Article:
It may have looked fine on paper. But it soon collapsed on the pitch. Argentina’s back three could not handle Salomón Rondón – or the pace of Venezuelan wingers, given room to run behind the Argentinian wing-backs. A 3-1 defeat forced the abandonment of the back three – and leads us to Argentina’s dreadful Copa América opener against Colombia. 

By this point Scaloni was lost. He still wanted his two wingers – but one of them had to be sacrificed for the inclusion of Messi. In an attempt to retain width, Giovani Lo Celso, very strongly left footed, was moved out towards the right flank, with Ángel Di María high and open on the left. 

At this point it was entirely unclear what Argentina were trying to do. Were they looking for rapid transitions to the flanks or attempting to work the ball through the middle? Poor Di María was taken off at half time and roundly criticised for making little impact. But if he was expected to play high and the ball never came, what was he to do? Colombia broke out in the closing stages to win 2-0, and Argentina were facing group phase elimination when Derlis González stepped up to take a penalty for Paraguay. It was saved, Argentina drew and lived to fight another day. 

On the way, though, there were signs of improvement – principally because they could hardly get much worse. Scaloni can perhaps be credited with a lack of dogmatism. In that magical effect of the tournament – when time speeds up and teams start to click or to fall apart – Argentina started to bear little relation to the blueprint of their coach. Instead of the obsession with verticality and rapid transitions to the wings, there were signs of a circuitry of passing involving Messi through the middle.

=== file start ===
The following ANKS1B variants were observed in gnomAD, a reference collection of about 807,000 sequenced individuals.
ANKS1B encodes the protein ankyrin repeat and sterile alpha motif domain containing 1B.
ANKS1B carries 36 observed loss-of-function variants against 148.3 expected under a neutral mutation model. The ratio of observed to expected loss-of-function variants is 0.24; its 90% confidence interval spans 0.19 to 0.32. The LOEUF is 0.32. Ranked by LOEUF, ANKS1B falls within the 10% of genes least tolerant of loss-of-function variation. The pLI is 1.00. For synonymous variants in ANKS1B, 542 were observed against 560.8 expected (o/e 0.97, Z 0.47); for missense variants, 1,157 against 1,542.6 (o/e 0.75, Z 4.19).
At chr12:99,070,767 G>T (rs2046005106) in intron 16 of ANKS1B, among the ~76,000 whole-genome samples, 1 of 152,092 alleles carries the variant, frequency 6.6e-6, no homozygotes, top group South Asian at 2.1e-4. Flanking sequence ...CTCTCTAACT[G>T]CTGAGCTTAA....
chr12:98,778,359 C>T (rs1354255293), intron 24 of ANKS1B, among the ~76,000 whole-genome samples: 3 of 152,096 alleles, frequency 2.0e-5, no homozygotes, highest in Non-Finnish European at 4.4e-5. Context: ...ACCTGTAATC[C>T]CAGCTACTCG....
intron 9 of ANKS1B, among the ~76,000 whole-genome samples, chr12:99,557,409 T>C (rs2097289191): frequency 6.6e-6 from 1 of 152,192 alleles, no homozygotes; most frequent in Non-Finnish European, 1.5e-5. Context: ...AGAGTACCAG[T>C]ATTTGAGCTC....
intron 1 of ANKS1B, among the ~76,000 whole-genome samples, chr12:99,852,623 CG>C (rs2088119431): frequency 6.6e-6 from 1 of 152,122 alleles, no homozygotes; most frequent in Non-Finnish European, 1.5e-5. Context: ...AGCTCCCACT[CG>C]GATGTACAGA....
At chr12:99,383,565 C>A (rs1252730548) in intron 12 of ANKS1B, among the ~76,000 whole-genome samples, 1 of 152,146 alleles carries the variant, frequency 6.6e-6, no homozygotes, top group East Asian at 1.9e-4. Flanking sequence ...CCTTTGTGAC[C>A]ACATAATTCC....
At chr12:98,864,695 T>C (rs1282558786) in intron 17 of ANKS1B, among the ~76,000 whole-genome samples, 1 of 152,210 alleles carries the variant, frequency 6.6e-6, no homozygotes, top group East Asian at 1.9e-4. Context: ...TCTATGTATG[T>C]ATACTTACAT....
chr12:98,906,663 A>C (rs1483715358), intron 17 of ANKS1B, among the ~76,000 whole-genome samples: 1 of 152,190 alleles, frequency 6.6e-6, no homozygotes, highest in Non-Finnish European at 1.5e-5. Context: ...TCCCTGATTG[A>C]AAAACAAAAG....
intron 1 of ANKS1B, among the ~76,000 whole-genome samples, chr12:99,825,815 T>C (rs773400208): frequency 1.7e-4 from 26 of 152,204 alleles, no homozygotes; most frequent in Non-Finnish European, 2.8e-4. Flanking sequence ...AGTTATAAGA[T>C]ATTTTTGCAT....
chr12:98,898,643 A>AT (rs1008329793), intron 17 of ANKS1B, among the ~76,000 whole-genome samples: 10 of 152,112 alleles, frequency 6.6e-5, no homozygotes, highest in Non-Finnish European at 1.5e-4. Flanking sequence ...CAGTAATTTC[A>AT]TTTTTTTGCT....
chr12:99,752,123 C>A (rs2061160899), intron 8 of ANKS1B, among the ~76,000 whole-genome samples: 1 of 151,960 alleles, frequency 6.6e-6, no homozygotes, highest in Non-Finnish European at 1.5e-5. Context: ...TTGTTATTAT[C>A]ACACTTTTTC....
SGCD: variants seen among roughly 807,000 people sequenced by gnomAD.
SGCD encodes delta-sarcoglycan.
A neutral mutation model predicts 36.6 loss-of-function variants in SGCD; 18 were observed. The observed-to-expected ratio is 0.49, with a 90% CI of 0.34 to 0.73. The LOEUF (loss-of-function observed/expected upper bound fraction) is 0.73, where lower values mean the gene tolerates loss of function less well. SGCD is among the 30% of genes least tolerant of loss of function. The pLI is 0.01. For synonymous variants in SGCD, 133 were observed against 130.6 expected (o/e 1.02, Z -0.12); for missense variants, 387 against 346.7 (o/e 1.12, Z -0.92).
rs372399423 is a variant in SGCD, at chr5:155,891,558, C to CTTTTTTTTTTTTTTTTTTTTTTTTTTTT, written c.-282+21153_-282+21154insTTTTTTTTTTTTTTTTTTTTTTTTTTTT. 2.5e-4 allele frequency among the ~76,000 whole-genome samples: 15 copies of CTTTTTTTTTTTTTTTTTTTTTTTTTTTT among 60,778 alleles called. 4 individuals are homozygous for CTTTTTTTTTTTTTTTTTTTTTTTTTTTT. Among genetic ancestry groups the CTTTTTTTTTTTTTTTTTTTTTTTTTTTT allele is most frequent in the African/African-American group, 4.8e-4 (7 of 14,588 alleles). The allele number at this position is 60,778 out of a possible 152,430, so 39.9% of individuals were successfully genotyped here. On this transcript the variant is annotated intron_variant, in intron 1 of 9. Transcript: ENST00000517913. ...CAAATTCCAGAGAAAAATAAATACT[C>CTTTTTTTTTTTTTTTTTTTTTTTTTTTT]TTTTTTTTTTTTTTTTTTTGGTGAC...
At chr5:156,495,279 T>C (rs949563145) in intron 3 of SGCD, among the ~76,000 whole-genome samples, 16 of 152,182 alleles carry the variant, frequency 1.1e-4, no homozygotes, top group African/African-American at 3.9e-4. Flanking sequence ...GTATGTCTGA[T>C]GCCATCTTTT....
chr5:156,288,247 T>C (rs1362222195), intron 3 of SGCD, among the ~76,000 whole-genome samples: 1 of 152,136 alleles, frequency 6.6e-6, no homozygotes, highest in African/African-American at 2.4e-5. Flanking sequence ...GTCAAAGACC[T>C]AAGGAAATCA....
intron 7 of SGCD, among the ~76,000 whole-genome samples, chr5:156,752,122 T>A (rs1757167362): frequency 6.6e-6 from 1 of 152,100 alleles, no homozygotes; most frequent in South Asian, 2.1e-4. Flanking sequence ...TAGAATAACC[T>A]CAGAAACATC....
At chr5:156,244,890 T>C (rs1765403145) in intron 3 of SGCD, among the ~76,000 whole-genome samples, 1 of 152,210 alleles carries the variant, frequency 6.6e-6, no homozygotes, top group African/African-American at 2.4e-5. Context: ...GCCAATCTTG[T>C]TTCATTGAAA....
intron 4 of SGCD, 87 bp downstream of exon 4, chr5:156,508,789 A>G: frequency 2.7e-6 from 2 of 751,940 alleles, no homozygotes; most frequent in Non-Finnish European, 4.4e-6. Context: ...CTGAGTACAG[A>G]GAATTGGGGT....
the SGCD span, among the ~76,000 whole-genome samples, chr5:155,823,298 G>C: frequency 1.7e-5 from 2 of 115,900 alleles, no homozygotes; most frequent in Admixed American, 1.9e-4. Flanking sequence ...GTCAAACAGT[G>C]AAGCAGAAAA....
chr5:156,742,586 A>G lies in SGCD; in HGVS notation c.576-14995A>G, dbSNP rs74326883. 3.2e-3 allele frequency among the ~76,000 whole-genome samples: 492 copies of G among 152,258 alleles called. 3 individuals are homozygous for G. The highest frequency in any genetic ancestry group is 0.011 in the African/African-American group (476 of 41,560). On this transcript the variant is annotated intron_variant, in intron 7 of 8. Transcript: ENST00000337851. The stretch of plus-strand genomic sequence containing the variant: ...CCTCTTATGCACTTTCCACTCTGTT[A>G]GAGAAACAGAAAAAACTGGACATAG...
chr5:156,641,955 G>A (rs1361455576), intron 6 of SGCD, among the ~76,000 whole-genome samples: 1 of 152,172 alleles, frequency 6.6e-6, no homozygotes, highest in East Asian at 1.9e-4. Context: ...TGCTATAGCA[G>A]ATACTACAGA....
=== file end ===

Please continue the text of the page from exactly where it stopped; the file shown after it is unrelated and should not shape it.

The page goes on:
It is one thing, though, to conclude that the team improved in relation to the opening game against Colombia. It is quite another to decide that what happened in Brazil 2019 was good enough for the inexperienced caretaker to be handed a permanent contract. The leap between the two positions is provided by a highly dubious interpretation of the semi-final against Brazil, in which Argentina were beaten 2-0. 

The game was certainly closer than many had expected – far closer, for example, than the 2016 meeting in World Cup qualification on the same Belo Horizonte pitch, when Brazil’s 3-0 win threatened to become a rout. 

In part, the reasons for this have to do with Brazil. In the first golden 18 months of the reign of coach Tite, Renato Augusto helped the team establish a midfield control they have struggled to enjoy since injury took the edge off his game. And for this match, Brazil chose to deploy the centre-forward Roberto Firmino in a deeper role, seeking to stifle at source Argentina’s passing moves. Brazil, then, were not at their most proactive.